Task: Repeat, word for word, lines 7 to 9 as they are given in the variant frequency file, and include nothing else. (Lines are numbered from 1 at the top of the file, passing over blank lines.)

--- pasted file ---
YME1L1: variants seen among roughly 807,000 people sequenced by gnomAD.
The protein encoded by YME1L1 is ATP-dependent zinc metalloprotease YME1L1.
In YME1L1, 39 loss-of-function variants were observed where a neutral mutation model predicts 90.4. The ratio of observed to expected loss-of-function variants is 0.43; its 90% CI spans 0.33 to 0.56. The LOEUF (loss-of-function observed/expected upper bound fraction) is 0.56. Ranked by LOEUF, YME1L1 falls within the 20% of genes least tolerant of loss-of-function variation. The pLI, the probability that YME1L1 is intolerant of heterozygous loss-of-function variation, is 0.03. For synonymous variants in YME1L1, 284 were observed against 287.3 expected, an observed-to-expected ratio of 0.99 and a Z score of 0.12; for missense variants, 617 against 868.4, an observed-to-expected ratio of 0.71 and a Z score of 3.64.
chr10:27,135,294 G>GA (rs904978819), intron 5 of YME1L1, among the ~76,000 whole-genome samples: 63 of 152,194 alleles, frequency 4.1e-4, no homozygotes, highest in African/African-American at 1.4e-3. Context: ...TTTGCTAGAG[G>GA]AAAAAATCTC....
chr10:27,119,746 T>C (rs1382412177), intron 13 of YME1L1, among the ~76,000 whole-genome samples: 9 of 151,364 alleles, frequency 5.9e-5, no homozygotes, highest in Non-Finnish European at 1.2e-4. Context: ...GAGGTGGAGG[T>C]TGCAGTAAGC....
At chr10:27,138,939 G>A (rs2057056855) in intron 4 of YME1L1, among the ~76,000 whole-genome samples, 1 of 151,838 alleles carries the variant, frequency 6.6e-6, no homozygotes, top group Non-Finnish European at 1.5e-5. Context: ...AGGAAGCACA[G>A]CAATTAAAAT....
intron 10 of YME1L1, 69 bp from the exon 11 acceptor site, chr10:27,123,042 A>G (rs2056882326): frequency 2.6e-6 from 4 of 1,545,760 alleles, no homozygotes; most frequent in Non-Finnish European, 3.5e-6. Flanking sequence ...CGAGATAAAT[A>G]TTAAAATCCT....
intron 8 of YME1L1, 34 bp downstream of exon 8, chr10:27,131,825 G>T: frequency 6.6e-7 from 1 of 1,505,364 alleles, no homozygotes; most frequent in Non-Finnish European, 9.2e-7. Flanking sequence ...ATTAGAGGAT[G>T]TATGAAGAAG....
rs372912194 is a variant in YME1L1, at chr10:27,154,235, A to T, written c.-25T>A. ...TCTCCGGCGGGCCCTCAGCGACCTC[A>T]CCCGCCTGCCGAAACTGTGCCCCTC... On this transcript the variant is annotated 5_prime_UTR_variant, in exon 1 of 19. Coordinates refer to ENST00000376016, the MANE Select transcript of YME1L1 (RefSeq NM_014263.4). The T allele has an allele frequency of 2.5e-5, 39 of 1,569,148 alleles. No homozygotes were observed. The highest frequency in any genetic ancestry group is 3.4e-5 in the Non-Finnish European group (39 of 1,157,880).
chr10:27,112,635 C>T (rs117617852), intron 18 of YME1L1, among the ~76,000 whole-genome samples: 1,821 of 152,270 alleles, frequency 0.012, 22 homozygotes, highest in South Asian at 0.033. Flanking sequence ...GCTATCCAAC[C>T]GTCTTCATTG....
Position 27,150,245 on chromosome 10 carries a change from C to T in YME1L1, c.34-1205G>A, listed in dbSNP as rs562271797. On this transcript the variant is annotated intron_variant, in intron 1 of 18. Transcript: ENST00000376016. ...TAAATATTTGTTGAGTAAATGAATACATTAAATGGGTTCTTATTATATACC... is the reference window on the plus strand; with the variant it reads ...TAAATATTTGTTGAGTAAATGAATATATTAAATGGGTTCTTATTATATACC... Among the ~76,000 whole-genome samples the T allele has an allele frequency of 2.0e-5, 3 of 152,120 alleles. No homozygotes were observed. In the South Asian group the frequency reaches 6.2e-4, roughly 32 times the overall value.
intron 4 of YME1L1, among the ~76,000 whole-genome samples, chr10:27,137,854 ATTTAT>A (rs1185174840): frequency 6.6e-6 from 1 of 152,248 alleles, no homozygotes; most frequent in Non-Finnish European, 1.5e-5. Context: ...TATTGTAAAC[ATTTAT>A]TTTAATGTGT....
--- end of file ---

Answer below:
intron 10 of YME1L1, 69 bp from the exon 11 acceptor site, chr10:27,123,042 A>G (rs2056882326): frequency 2.6e-6 from 4 of 1,545,760 alleles, no homozygotes; most frequent in Non-Finnish European, 3.5e-6. Flanking sequence ...CGAGATAAAT[A>G]TTAAAATCCT....
intron 8 of YME1L1, 34 bp downstream of exon 8, chr10:27,131,825 G>T: frequency 6.6e-7 from 1 of 1,505,364 alleles, no homozygotes; most frequent in Non-Finnish European, 9.2e-7. Flanking sequence ...ATTAGAGGAT[G>T]TATGAAGAAG....
rs372912194 is a variant in YME1L1, at chr10:27,154,235, A to T, written c.-25T>A. ...TCTCCGGCGGGCCCTCAGCGACCTC[A>T]CCCGCCTGCCGAAACTGTGCCCCTC... On this transcript the variant is annotated 5_prime_UTR_variant, in exon 1 of 19. Coordinates refer to ENST00000376016, the MANE Select transcript of YME1L1 (RefSeq NM_014263.4). The T allele has an allele frequency of 2.5e-5, 39 of 1,569,148 alleles. No homozygotes were observed. The highest frequency in any genetic ancestry group is 3.4e-5 in the Non-Finnish European group (39 of 1,157,880).